Preventing ADA Website Accessibility Lawsuits

March 2, 2023

By: Mario F. Ayoub and Jackson K. Somes

Preventing ADA Website Accessibility Lawsuits

An increasing number of businesses are facing lawsuits alleging that their websites violate the Americans with Disabilities Act (ADA). New York, in particular, has become a hotbed for these actions. Only California has seen more ADA accessibility litigations since 2013. Although there is no consensus yet among the federal courts regarding whether the ADA even applies to websites, defending these legal challenges can be costly. The best way for businesses to protect themselves from these lawsuits is to take proactive measures to ensure their websites comply with the ADA.

Title III Act at a Glance

Title III of the ADA prohibits discrimination against persons with disabilities in any place of “public accommodation.” Such places generally include, restaurants, hotels, parks, retail stores and doctor’s offices, among many other. Although Title III may have been traditionally construed to apply to physical brick-and-mortar locations, some courts have ruled that internet websites are included in that list and therefore must be accessible to persons with disabilities. Following these rulings, plaintiffs have filed legal actions claiming that a business’s website violates the ADA because it is not accessible to individuals with disabilities.

What Constitutes Compliance Under the ADA?

While Title III provides the standards required for a business’s physical location to properly accommodate persons with disabilities, it does not offer any regulatory guidance for accessibility on the internet or websites. In March 2022, however, the U.S. Department of Justice (DOJ) issued much needed guidance on website accessibility.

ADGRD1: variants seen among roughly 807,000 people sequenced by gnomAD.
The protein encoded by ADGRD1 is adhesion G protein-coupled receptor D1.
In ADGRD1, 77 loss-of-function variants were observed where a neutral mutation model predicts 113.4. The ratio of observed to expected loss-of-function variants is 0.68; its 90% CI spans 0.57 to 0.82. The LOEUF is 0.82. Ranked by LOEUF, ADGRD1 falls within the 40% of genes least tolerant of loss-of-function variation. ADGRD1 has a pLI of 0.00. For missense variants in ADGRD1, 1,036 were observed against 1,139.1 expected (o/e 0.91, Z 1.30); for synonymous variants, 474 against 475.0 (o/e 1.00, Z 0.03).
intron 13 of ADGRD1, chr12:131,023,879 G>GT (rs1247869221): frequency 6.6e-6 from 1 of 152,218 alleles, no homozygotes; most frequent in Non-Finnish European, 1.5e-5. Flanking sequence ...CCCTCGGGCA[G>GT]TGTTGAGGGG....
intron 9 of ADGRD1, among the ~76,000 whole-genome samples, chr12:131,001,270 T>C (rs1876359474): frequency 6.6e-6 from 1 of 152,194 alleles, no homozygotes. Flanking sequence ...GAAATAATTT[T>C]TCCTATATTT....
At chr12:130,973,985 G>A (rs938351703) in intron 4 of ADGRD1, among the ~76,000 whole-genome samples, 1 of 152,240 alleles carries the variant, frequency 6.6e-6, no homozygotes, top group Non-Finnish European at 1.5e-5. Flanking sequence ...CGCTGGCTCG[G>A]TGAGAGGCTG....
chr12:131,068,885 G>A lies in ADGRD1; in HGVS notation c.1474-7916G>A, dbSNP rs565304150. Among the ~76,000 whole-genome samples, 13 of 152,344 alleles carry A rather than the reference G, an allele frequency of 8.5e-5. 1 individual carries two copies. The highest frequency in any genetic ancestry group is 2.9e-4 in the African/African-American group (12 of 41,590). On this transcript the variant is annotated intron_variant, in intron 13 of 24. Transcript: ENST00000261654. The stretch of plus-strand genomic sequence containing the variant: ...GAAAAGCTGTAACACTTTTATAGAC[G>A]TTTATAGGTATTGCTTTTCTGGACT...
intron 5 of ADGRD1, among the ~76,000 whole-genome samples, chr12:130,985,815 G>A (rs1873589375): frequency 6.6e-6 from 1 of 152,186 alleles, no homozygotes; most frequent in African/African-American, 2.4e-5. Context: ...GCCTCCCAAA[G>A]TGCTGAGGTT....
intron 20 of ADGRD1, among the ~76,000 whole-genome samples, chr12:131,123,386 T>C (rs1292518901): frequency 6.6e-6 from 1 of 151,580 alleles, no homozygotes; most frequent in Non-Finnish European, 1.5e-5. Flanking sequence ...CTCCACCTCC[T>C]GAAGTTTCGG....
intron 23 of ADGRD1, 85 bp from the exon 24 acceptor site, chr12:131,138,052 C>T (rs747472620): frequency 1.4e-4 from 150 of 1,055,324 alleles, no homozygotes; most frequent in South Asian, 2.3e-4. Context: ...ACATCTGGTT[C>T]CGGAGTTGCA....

The DOJ guidance notes its longstanding position that the ADA applies to website accessibility and emphasizes that businesses have “flexibility” regarding compliance with the ADA’s general nondiscrimination requirements. Rather than offering prescriptive measures for establishing compliance, the DOJ points to existing standards as helpful resources. In particular, the DOJ’s guidance points to the Web Content Accessibility Guidelines (WCAG) and the Section 508 Standards of the Rehabilitation Act (Section 508), which the federal government uses for its own websites.

The WCAG is comprised of a set of four overarching criteria: (1) website content must be presentable to users in a way they can perceive; (2) interface and navigation must be operable for a wide variety of users; (3) information present on websites be understandable; and (4) content must be sufficiently robust to allow for interpretation by a wide variety of users, including those relying on assistive technologies. Under each of these criteria are specific recommendations governing the use of text, audio, fonts and menu layouts, among other website components. Additionally, while Section 508 only applies to federal websites, the amendment can still function as a guide for private organizations. Like the WCAG, Section 508 aims to improve accessibility by establishing standards for text alternatives, time-based media, content sequencing and the use of color, among other standards.

Due to the increased attention on ADA compliance for websites, businesses may want to consider consulting a web designer that is familiar with WCAG 2.0 guidelines. Bond attorneys regularly assist and advises clients on an array of data privacy and cybersecurity matters, including ADA website accessibility compliance. Anyone with questions regarding this topic is encouraged to contact Mario Ayoub, Jackson Somes or the Bond attorney with whom you are regularly in contact.